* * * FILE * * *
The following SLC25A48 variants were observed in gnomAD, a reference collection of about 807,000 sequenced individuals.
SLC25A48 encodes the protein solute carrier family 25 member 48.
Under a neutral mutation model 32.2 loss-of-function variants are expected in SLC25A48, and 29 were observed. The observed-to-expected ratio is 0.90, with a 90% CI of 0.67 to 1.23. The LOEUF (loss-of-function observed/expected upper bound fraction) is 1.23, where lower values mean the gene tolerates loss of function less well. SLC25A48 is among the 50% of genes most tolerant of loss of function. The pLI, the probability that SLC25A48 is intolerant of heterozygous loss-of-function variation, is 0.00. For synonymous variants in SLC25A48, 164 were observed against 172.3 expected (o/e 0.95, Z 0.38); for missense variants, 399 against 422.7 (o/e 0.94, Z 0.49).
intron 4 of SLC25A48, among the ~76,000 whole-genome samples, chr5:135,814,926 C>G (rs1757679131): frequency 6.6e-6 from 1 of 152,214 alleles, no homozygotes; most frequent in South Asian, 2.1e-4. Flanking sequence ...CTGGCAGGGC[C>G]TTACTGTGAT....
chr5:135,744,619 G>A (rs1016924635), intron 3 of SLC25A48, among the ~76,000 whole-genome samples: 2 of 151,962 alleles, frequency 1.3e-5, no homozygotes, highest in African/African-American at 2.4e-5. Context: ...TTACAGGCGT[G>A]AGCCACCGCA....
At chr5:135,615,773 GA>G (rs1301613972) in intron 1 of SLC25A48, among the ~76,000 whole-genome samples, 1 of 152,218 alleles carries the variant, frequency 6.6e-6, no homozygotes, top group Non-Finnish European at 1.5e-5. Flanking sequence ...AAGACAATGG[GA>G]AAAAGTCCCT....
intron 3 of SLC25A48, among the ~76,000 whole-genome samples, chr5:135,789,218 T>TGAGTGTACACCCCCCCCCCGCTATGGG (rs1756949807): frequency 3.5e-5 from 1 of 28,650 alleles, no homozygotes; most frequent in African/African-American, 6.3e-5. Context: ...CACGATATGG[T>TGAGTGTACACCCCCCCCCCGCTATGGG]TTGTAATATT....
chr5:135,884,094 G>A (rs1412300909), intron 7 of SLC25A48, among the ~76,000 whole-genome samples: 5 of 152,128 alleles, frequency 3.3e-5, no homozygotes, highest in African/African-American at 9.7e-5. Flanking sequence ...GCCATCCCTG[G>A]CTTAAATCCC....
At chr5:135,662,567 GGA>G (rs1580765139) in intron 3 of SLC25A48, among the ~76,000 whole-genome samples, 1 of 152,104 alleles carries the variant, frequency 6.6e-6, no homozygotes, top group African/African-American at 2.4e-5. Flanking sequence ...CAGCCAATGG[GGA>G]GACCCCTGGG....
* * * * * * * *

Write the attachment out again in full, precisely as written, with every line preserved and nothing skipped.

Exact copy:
The following SLC25A48 variants were observed in gnomAD, a reference collection of about 807,000 sequenced individuals.
SLC25A48 encodes the protein solute carrier family 25 member 48.
Under a neutral mutation model 32.2 loss-of-function variants are expected in SLC25A48, and 29 were observed. The observed-to-expected ratio is 0.90, with a 90% CI of 0.67 to 1.23. The LOEUF (loss-of-function observed/expected upper bound fraction) is 1.23, where lower values mean the gene tolerates loss of function less well. SLC25A48 is among the 50% of genes most tolerant of loss of function. The pLI, the probability that SLC25A48 is intolerant of heterozygous loss-of-function variation, is 0.00. For synonymous variants in SLC25A48, 164 were observed against 172.3 expected (o/e 0.95, Z 0.38); for missense variants, 399 against 422.7 (o/e 0.94, Z 0.49).
intron 4 of SLC25A48, among the ~76,000 whole-genome samples, chr5:135,814,926 C>G (rs1757679131): frequency 6.6e-6 from 1 of 152,214 alleles, no homozygotes; most frequent in South Asian, 2.1e-4. Flanking sequence ...CTGGCAGGGC[C>G]TTACTGTGAT....
chr5:135,744,619 G>A (rs1016924635), intron 3 of SLC25A48, among the ~76,000 whole-genome samples: 2 of 151,962 alleles, frequency 1.3e-5, no homozygotes, highest in African/African-American at 2.4e-5. Context: ...TTACAGGCGT[G>A]AGCCACCGCA....
At chr5:135,615,773 GA>G (rs1301613972) in intron 1 of SLC25A48, among the ~76,000 whole-genome samples, 1 of 152,218 alleles carries the variant, frequency 6.6e-6, no homozygotes, top group Non-Finnish European at 1.5e-5. Flanking sequence ...AAGACAATGG[GA>G]AAAAGTCCCT....
intron 3 of SLC25A48, among the ~76,000 whole-genome samples, chr5:135,789,218 T>TGAGTGTACACCCCCCCCCCGCTATGGG (rs1756949807): frequency 3.5e-5 from 1 of 28,650 alleles, no homozygotes; most frequent in African/African-American, 6.3e-5. Context: ...CACGATATGG[T>TGAGTGTACACCCCCCCCCCGCTATGGG]TTGTAATATT....
chr5:135,884,094 G>A (rs1412300909), intron 7 of SLC25A48, among the ~76,000 whole-genome samples: 5 of 152,128 alleles, frequency 3.3e-5, no homozygotes, highest in African/African-American at 9.7e-5. Flanking sequence ...GCCATCCCTG[G>A]CTTAAATCCC....
At chr5:135,662,567 GGA>G (rs1580765139) in intron 3 of SLC25A48, among the ~76,000 whole-genome samples, 1 of 152,104 alleles carries the variant, frequency 6.6e-6, no homozygotes, top group African/African-American at 2.4e-5. Flanking sequence ...CAGCCAATGG[GGA>G]GACCCCTGGG....